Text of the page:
Half Moon Beach is a quiet, intimate, crescent-shaped beach located at historic Stage Fort Park. Surrounded by a rocky hill and ample shady spots, it offers more seclusion from the rest of the park. Lifeguards are on duty daily from 9:00 am to 5:00 pm from Memorial Day weekend through Labor Day weekend. All flotation devices and surf boards are prohibited. The beach is handicapped accessible.
- Dogs are allowed in the park but are prohibited on the beach.
- Restrooms are located within the park.
- Parking is available at Stage Fort Park at a rate of $10 per vehicle weekdays and $15 on the weekends and holidays.
- Alcohol is prohibited.
- Directions: Take Exit 14 off Route 128 North. At the bottom of the ramp, bear right onto Route 133 toward Gloucester. Follow to the end with the Harbor in front of you. Bear right onto Western Avenue (Route 127) and then take an immediate left on Hough Avenue into Stage Fort Park.
The Paper House is a unique structure once used as the summer home of the builder, Elis Stenman. Its uniqueness comes from the newspaper used in the making of the walls and the furniture. An estimated 100,000 papers were used over a twenty year period. The furniture is sturdy, it was used at one time but is strictly for display at present.
This is one of those things that has to be seen to be believed. Located on a quiet street in the Pigeon Cove section of Rockport it may be a bit hard to find but worth the trip just for the adventure.
Visit paperhouserockport.com for more information.
Eastern Point Road, East Gloucester
Tucked away from the busy crowds, Niles Beach is located on Eastern Point Road in East Gloucester. It is primarily enjoyed by residents (a resident sticker is required for beachside parking), unless you can walk from another location. Not usually crowded, you can enjoy a quiet family beach day without the expected commotion that comes along with a summer beach day. Enjoy breathtaking vistas over Gloucester Harbor and the Boston skyline on the horizon.
- Lifeguards are on duty daily from 9:00 am to 5:00 pm from Father’s Day weekend through Labor Day weekend. All floatation devices and surf boards are prohibited.
- Portable restrooms are available seasonally.
- Alcohol is prohibited.
- Directions: Follow Route 128 North to its terminus at the Route 127A traffic lights in Gloucester. Proceed through the light and follow East Main Street through East Gloucester for approximately 2 miles. Niles Beach is located on Eastern Point Blvd., approximately 1/3 mile beyond the junction with Rocky Neck Boulevard and on the way to Eastern Point. A public parking lot is located along Rocky Neck Boulevard, offering easy access to Rocky Neck and a short hike to Niles Beach.
Western Avenue (Route 127) at the eastern end of Stacy Boulevard
Near Gloucester’s famous Fishermen’s Memorial Statue (The Man at the Wheel), Pavilion Beach on Gloucester Harbor is the perfect site for beachcombing and for gazing upon the plethora of watercraft as they head out to the channel. Located a short walk from downtown Gloucester, the beach is perfect for a quick dip before a trip to many of the nearby restaurants and shops just waiting for you to explore. The beach, a mix of sand and stone, does not have lifeguards on duty.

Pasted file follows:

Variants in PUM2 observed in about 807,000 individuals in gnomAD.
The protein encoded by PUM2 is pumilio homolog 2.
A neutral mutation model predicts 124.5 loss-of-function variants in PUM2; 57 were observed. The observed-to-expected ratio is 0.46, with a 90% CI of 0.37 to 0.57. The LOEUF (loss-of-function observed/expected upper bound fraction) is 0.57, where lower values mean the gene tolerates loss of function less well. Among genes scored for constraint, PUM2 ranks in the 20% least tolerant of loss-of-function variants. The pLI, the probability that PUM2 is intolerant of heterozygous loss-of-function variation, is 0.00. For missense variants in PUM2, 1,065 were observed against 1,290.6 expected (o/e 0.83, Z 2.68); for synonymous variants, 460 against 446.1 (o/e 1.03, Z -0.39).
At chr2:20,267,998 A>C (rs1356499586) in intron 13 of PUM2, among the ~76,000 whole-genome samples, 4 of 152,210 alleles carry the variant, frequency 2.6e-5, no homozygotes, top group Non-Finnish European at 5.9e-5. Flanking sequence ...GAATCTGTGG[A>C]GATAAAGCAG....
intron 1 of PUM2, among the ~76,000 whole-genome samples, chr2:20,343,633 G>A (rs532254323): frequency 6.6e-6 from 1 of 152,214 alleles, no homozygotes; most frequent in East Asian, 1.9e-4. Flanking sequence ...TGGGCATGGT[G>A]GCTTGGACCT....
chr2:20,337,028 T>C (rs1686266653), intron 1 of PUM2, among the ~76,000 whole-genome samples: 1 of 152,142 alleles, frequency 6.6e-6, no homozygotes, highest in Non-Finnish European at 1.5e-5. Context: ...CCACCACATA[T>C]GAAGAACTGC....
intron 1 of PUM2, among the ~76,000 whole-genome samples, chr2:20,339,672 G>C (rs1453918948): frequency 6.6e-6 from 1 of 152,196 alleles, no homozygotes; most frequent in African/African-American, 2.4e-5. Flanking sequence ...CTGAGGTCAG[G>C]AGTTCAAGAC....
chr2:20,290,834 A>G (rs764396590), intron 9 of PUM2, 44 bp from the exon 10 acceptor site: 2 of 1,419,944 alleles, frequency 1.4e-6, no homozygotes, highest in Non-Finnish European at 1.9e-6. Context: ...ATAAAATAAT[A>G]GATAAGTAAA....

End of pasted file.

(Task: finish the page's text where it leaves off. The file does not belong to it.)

- Alcohol is prohibited.
- Limited public parking is available along Stacy Boulevard. Free public parking is also available at the nearby Saint Peter’s parking lot, located at the intersection of Rogers and Commercial Streets and adjacent to the Cape Ann Chamber of Commerce and Visitor Center located at 33 Commercial Street.
South Street, Rockport
This is a long, secluded, rocky beach separated from Long Beach by a short, seasonal foot bridge. Smooth sand is minimal at high tide. Normally a quiet beach, Cape Hedge Beach is located about 2 ½ miles from Rockport’s many unique shops and restaurants.
- Very limited non-resident parking is available along South Street. Please observe posted parking restrictions.
- Directions: From downtown Rockport follow Route 127A south for approximately 3 miles to fork at Cape Hedge Inn. Continue straight on South Street for approximately 400 yards to its terminus at Cape Hedge Beach.
60 Spring Street, Essex
Cogswell’s Grant, established in 1636 and now a historic house museum, became the summer home of collectors Bertram and Nina Fletcher Little in 1937. The eighteenth century farmhouse displays their celebrated collection of American folk art, including portraits, redware pottery, painted furniture, shaker boxes, hooked rugs, weathervanes and decoys. Everything is arranged exactly as the Little family lived with it. The property has been operated as a farm continuously for nearly four centuries and offers beautiful views of the marsh and Essex River. Special events include Kite Day in April and the Lipizzan Stallions in September. The museum is open for guided tours June 1 through October 15, Wednesday through Sunday, 11 am to 4 pm.